Extensive brain mapping with direct cortical stimulation was performed in all patients before tumor resections were started. Neuropsychological testing and cortical stimulation during glioma surgeries is important to allow the location of functional areas, as shown on the fMRI scans, to be confirmed before tumor resection is started (see case report). As gliomas show an invasive pattern of growths, it is essential to detect functional borders without compromising the radicality of the resection by stopping too soon. A GTR should always be the aim during resections of gliomas. If the tumor is located in or near a functional speech area, neuropsychological testing in combination with subcortical stimulation during the resection helps to detect functional borders and fiber tracts before permanent neurological deficits are caused.

For the aforementioned reasons, subcortical stimulation was repeatedly performed under neuropsychological testing during tumor resections. Out of a range of available standardized tests, adapted for German speaking people, an individualized test battery adapted to the intellectual level was put together for each patient. Basic neuropsychological tests for pre-, intra- and postoperative evaluation of language function included assessment of lexical fluency, semantic fluency, similarities (conceptualization) verbal and nonverbal cognition as well as verbal intelligence [1, 3, 8]. Evaluation of motor function was performed with the Tapping Board [21], the Dynamometer [19] as well as the Grooved Pegboard [20]. Intra-operatively, only the Tapping Board was used.

Neuroanesthesia: the continuous awake craniotomy protocol

The introduced protocol is called continuous awake craniotomy protocol since contrary to the asleep-awake-asleep protocol the patient is awake during the entire procedure and there are no sedatives used.

All patients received an intravenous line as well as arterial cannulation (radial artery) for continuous arterial blood pressure monitoring and blood gas analyses. Non-invasive monitoring of vital functions included electrocardiography, a blood pressure cuff, pulsoximetry, and a nasal oxygen mask. Respiratory rate and end-tidal carbon dioxide were measured using a nasal prongs-port with capnometry (CO2 port). All patients received a urinary catheter. No airway instrumentation was used, however, this was kept within reach of the anesthesiologist in case of a non-self-limiting seizure causing a drop in oxygen saturation (<90%) occurring.

Using 0.75% Ropivacain (AstraZeneca GmbH, Wedel, Germany) supplemented with Adrenalin (AstraZeneca GmbH) diluted 1/200,000 scalp nerve blocks (SNB) were placed through a 23 gauge needle using a previously published method [26]. SNB were placed at least 20 min before the Mayfield head-clamp was put on.

A close and individual intraoperative patient guidance and pacing, SNB supplemented with Remifentanil-analgesia (GlaxoSmithKline GmbH, Munich, Germany) whenever needed were used for all patients. Patients did not receive sedative agents during the entire procedure except in the event of a generalized seizure not controllable by irrigation of the brain with cold ringer solution [26, 30]. Anticonvulsive medication using Levetiracetam (Keppra; UCB GmbH, Monheim am Rhein, Germany) was used for two patients with a history of seizures and who were already on anticonvulsive medication.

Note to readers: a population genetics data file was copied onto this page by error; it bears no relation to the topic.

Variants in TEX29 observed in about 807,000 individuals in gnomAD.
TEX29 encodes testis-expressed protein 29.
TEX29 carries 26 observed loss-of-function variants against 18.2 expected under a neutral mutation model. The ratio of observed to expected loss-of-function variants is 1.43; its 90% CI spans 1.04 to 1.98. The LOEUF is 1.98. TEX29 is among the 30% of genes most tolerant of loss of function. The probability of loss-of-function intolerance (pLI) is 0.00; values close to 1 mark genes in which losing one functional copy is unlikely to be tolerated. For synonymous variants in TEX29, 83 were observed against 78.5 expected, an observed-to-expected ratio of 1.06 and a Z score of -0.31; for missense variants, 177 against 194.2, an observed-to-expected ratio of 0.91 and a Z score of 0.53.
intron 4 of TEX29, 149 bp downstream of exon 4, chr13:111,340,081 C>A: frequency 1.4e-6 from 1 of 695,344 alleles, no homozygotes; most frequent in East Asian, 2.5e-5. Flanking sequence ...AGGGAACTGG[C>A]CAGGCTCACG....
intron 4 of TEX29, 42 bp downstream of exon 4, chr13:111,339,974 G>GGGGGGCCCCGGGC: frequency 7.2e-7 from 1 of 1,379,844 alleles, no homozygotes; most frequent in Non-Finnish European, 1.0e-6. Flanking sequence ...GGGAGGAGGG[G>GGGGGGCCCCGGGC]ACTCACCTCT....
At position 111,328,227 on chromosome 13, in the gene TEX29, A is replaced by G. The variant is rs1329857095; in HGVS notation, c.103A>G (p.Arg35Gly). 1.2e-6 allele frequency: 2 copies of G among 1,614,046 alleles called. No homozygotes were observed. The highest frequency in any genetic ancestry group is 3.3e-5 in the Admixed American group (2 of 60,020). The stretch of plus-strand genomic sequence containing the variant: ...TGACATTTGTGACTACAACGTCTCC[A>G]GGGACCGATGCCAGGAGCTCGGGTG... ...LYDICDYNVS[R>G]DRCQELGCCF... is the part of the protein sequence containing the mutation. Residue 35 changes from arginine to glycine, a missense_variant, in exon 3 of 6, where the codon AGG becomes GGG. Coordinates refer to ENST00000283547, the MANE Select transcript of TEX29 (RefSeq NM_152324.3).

Data of 12 consecutive patients (six men/six women) with a median age of 45.5 years (range 28–70) who underwent a total of 13 awake craniotomies using the CAC protocol were included in this study. SNBs were tolerated well by all patients and the effect of local anesthesia lasted during the entire surgery (range 129–306 min) in all cases and did not have to be renewed in any of the patients. Remifentanil-analgesia was given in a mean total dosage of 374 µg with 0.1–0.4 mg/h, and over a mean accumulated time period of 60 min (range 50–85 min), and showed no relevant sedative effects.

Two patients suffered seizures (one focal/one generalized) intra-operatively triggered by direct cortical stimulation. In case of the generalized seizure, surgery had to be continued under sedation as the seizure could not be controlled by applying cold Ringer solution on the cortical surface. However, this patient did not have to be intubated. Nevertheless, this case counted as an awake craniotomy with respect to the surgical outcome. A focal seizure was self-limited, short-lived and could be controlled by irrigation of the brain with cold Ringer solution. None of the other surgeries had to be stopped due to patient fatigue, respiratory problems, swelling of the brain, or excessive bleeding. No blood pressure problems were observed during any of the procedures. None of the patients complained of excessive pain, discomfort or suffered from nausea and vomiting intra-operatively or during the postoperative phase. The CAC protocol was tolerated well by all patients. This was described in more detail in another publication from our group [25]. The median duration of surgery (skin to skin) was 215 min (range 135–300 min) and median testing time (speech and/or motor function) with active participation of the patient during tumor resections was 155 min (range 75–240 min).

Surgical and functional outcome

The median tumor volume was 14.2 cm3 (range 0.5–45.7 cm3). Two patients with brain metastasis in eloquent areas were also included in the study as preoperative imaging showed no clear borders between the tumor and healthy brain tissue. A GTR determined on early postoperative MRI was achieved in ten patients (83.3%).

One patient (8.3%) (Table 1, number 7) suffered from a new permanent neurological deficit postoperatively. In the immediate postoperative phase one other patient (Table 1, number 12) suffered from a temporary accentuation of a hemiparesis that was already present preoperatively. The patient whose surgery was continued under sedation showed a paresis of the left arm immediately after surgery, however, this was only temporary. The mean Karnofsky score was 94% before and 90% after surgery. Presenting symptoms, histological results, tumor locations, tumor volumes as well as achieved extend of resection are summarized in Table 1.

Table 1

Patient data, histological results and treatment outcome.